Roth joined her by the fireplace with two steaming soup-bowl-sized mugs of hot chocolate. “Wow. That’s a lot of hot chocolate.”
“They do everything big in Silver Point.”
They sipped and chatted for hours. She couldn’t remember the last time she enjoyed herself just talking. Roth told her about his time spent at The Cardinal House, a group home for boys, and she shared with him things from her childhood she’d never told anyone else. Like the time she’d broken the neighbor’s window and her brother had taken the fall for her. He still held it over her head ’til this day.
When they finally left the coffeehouse, they ventured to the thrift store next door where Roth had purchased them several books. Their last stop was a unique card-slash-gift shop.
Inside the vehicle, Tressa pulled a small box from her purse and passed it to Roth.
“What’s this?” he asked.
Roth lifted the metal bookmark from the wrapping. “Don’t judge a book by its cover or a man by his past.”
“It’s not much. I just wanted to say thank you.”
“For…everything. This week has been incredible, Roth. You have been incredible. You made what should have been the very worst week of my life, the best week of my life. I want you to know I appreciate you.”
Roth reached over, placed his hand behind her neck and pulled her mouth close to his, but he didn’t kiss her. Staring into her eyes, he said, “Thank you.”
The following morning, Tressa and Roth finally got on the road back to Raleigh. Roth had been silent since they’d pulled away from the cabin. Was he regretting returning home, too?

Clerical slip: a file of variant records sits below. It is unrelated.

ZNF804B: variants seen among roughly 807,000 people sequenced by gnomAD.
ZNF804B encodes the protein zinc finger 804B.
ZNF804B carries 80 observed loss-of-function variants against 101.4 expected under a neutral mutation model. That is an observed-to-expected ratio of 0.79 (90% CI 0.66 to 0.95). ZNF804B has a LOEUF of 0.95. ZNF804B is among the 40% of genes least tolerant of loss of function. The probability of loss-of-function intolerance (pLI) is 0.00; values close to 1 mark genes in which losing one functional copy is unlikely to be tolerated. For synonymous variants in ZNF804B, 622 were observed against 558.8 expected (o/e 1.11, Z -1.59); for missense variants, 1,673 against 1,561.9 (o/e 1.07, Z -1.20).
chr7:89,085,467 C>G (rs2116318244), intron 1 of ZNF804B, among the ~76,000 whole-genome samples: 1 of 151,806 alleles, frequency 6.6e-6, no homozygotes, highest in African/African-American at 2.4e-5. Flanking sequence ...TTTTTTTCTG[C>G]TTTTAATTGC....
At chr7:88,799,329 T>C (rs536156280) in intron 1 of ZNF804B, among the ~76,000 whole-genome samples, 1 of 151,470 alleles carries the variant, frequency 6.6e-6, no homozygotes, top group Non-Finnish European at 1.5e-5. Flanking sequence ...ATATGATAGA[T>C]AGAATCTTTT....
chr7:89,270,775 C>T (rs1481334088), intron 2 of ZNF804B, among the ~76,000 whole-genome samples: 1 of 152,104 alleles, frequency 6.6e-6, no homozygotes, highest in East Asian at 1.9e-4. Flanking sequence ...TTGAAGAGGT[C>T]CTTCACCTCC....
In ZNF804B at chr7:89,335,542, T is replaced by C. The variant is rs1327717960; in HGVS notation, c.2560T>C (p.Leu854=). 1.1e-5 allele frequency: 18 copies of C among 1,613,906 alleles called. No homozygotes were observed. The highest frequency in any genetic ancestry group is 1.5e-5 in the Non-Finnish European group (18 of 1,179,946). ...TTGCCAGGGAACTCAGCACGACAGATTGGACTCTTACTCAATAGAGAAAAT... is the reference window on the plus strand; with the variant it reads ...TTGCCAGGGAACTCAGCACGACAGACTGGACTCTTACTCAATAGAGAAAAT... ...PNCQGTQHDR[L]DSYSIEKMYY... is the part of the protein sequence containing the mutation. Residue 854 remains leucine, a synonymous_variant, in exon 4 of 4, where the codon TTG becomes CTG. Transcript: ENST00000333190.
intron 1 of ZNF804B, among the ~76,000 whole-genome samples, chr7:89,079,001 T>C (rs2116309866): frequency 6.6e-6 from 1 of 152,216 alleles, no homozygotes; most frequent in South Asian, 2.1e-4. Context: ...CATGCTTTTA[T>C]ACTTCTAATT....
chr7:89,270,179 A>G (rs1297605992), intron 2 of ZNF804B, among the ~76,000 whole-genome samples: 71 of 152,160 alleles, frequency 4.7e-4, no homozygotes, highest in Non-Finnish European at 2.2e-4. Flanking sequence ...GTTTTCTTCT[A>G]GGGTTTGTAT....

The way he brushed his thumb back and forth across the steering wheel told her something occupied his thoughts.
“I’m really going to miss Silver Point,” she said.
Roth didn’t respond. He simply eyed her briefly, smiled and returned his gaze to the road ahead.
What was going on with him? She wanted to think the best—that things weren’t changing now that they’d left the close quarters of the cabin. But the worst crept in—that just maybe she had been only a temporary replacement for Roth.
When they pulled into her cul-de-sac several hours later, the fact that Cyrus’s car wasn’t parked in her driveway brought her relief. Not that she cared if Cyrus saw her and Roth together. It was a well-deserved ass whooping she knew Cyrus would have surely talked himself into. She would have felt awful if Roth went to jail for assault on account of her.
Inside, Tressa watched as Roth took in his surroundings. His eyes moved from the open living room decorated in brown and teal, to the kitchen outfitted with stainless steel appliances.
“You have a nice place,” he said, folding his arms across his chest.
“Thank you. Is everything okay, Roth? You seem to have something on your mind.”
He directed her to the chocolate sofa. “Sit. We need to talk.”
She wasn’t sure she liked the sound of that. We need to talk were typically words of doom. “Okay,” she said, ignoring the quiver in her stomach. She eased down and stared up at him. “I’m listening.”
Roth took a seat on the leather ottoman directly in front of her and cupped her hands. She saw the signs. When he dipped his head, she decided to make this easier for him. “I get it, Roth. You’re not ready for a commitment. You thought you were, but now…I get it.” Her heart crumbled a little more with every word she spoke. “We had a great time at the cabin, but we’re back in the real world and things don’t look as clear for you, right? You just want to be friends.” She forced a smile. “I get it and…it’s okay.”
Roth brought his gaze to her with urgency. “Can you let me go so easily?”
Now she was confused. Wasn’t he trying to get away? “I don’t want to let you go, but I don’t want to hold on to you if you don’t want to be held. I’m giving you an easy out.”
“Giving me an easy out? I don’t want an out. I was trying to give you one.”
Her brows bunched. “Why would you think I wanted an out? I’m crazy about you, Roth Lexington. You have to know that by now.”